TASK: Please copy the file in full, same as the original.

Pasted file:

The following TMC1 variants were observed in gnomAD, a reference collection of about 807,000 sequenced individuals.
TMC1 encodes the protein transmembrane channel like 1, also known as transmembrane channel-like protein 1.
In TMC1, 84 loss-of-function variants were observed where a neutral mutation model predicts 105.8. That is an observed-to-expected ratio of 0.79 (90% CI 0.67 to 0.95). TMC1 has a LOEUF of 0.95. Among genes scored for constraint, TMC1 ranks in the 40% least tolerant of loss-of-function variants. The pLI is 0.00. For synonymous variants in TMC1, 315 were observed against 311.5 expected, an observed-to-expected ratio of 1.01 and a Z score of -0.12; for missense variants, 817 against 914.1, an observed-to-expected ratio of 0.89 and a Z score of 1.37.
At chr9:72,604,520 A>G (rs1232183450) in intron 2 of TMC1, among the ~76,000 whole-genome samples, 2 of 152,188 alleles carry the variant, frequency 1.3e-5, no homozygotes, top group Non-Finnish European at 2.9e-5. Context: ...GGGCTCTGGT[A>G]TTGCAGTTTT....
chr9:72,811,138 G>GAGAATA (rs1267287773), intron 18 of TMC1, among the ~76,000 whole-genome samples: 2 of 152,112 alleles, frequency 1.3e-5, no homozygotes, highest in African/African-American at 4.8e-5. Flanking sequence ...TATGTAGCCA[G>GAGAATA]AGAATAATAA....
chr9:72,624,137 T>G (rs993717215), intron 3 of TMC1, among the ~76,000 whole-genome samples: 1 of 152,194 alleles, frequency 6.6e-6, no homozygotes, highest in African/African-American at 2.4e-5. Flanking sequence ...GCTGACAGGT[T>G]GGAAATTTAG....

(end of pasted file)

The following TMC1 variants were observed in gnomAD, a reference collection of about 807,000 sequenced individuals.
TMC1 encodes the protein transmembrane channel like 1, also known as transmembrane channel-like protein 1.
In TMC1, 84 loss-of-function variants were observed where a neutral mutation model predicts 105.8. That is an observed-to-expected ratio of 0.79 (90% CI 0.67 to 0.95). TMC1 has a LOEUF of 0.95. Among genes scored for constraint, TMC1 ranks in the 40% least tolerant of loss-of-function variants. The pLI is 0.00. For synonymous variants in TMC1, 315 were observed against 311.5 expected, an observed-to-expected ratio of 1.01 and a Z score of -0.12; for missense variants, 817 against 914.1, an observed-to-expected ratio of 0.89 and a Z score of 1.37.
At chr9:72,604,520 A>G (rs1232183450) in intron 2 of TMC1, among the ~76,000 whole-genome samples, 2 of 152,188 alleles carry the variant, frequency 1.3e-5, no homozygotes, top group Non-Finnish European at 2.9e-5. Context: ...GGGCTCTGGT[A>G]TTGCAGTTTT....
chr9:72,811,138 G>GAGAATA (rs1267287773), intron 18 of TMC1, among the ~76,000 whole-genome samples: 2 of 152,112 alleles, frequency 1.3e-5, no homozygotes, highest in African/African-American at 4.8e-5. Flanking sequence ...TATGTAGCCA[G>GAGAATA]AGAATAATAA....
chr9:72,624,137 T>G (rs993717215), intron 3 of TMC1, among the ~76,000 whole-genome samples: 1 of 152,194 alleles, frequency 6.6e-6, no homozygotes, highest in African/African-American at 2.4e-5. Flanking sequence ...GCTGACAGGT[T>G]GGAAATTTAG....